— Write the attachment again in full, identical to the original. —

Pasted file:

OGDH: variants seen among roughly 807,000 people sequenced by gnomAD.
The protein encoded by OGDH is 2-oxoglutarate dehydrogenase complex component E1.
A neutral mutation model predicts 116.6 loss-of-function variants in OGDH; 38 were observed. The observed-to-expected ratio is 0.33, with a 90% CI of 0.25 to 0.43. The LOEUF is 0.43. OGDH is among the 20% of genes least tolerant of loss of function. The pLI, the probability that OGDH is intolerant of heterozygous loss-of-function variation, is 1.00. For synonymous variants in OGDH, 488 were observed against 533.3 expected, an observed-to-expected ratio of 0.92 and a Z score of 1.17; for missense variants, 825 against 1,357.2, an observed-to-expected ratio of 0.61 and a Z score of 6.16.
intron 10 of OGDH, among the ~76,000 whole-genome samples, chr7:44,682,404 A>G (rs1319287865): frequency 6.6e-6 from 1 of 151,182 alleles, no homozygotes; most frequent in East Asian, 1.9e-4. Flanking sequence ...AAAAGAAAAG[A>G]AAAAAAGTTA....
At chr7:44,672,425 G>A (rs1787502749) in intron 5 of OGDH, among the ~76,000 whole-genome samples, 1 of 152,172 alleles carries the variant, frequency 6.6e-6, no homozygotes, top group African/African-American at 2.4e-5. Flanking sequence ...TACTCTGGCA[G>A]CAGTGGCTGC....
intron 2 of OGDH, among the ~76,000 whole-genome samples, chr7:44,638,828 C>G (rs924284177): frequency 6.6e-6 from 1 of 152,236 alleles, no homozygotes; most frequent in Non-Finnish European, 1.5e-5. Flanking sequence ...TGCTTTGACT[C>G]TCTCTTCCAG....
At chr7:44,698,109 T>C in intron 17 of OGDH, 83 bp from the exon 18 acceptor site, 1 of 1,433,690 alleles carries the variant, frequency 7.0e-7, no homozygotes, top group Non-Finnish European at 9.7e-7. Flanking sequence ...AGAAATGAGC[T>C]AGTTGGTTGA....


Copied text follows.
OGDH: variants seen among roughly 807,000 people sequenced by gnomAD.
The protein encoded by OGDH is 2-oxoglutarate dehydrogenase complex component E1.
A neutral mutation model predicts 116.6 loss-of-function variants in OGDH; 38 were observed. The observed-to-expected ratio is 0.33, with a 90% CI of 0.25 to 0.43. The LOEUF is 0.43. OGDH is among the 20% of genes least tolerant of loss of function. The pLI, the probability that OGDH is intolerant of heterozygous loss-of-function variation, is 1.00. For synonymous variants in OGDH, 488 were observed against 533.3 expected, an observed-to-expected ratio of 0.92 and a Z score of 1.17; for missense variants, 825 against 1,357.2, an observed-to-expected ratio of 0.61 and a Z score of 6.16.
intron 10 of OGDH, among the ~76,000 whole-genome samples, chr7:44,682,404 A>G (rs1319287865): frequency 6.6e-6 from 1 of 151,182 alleles, no homozygotes; most frequent in East Asian, 1.9e-4. Flanking sequence ...AAAAGAAAAG[A>G]AAAAAAGTTA....
At chr7:44,672,425 G>A (rs1787502749) in intron 5 of OGDH, among the ~76,000 whole-genome samples, 1 of 152,172 alleles carries the variant, frequency 6.6e-6, no homozygotes, top group African/African-American at 2.4e-5. Flanking sequence ...TACTCTGGCA[G>A]CAGTGGCTGC....
intron 2 of OGDH, among the ~76,000 whole-genome samples, chr7:44,638,828 C>G (rs924284177): frequency 6.6e-6 from 1 of 152,236 alleles, no homozygotes; most frequent in Non-Finnish European, 1.5e-5. Flanking sequence ...TGCTTTGACT[C>G]TCTCTTCCAG....
At chr7:44,698,109 T>C in intron 17 of OGDH, 83 bp from the exon 18 acceptor site, 1 of 1,433,690 alleles carries the variant, frequency 7.0e-7, no homozygotes, top group Non-Finnish European at 9.7e-7. Flanking sequence ...AGAAATGAGC[T>C]AGTTGGTTGA....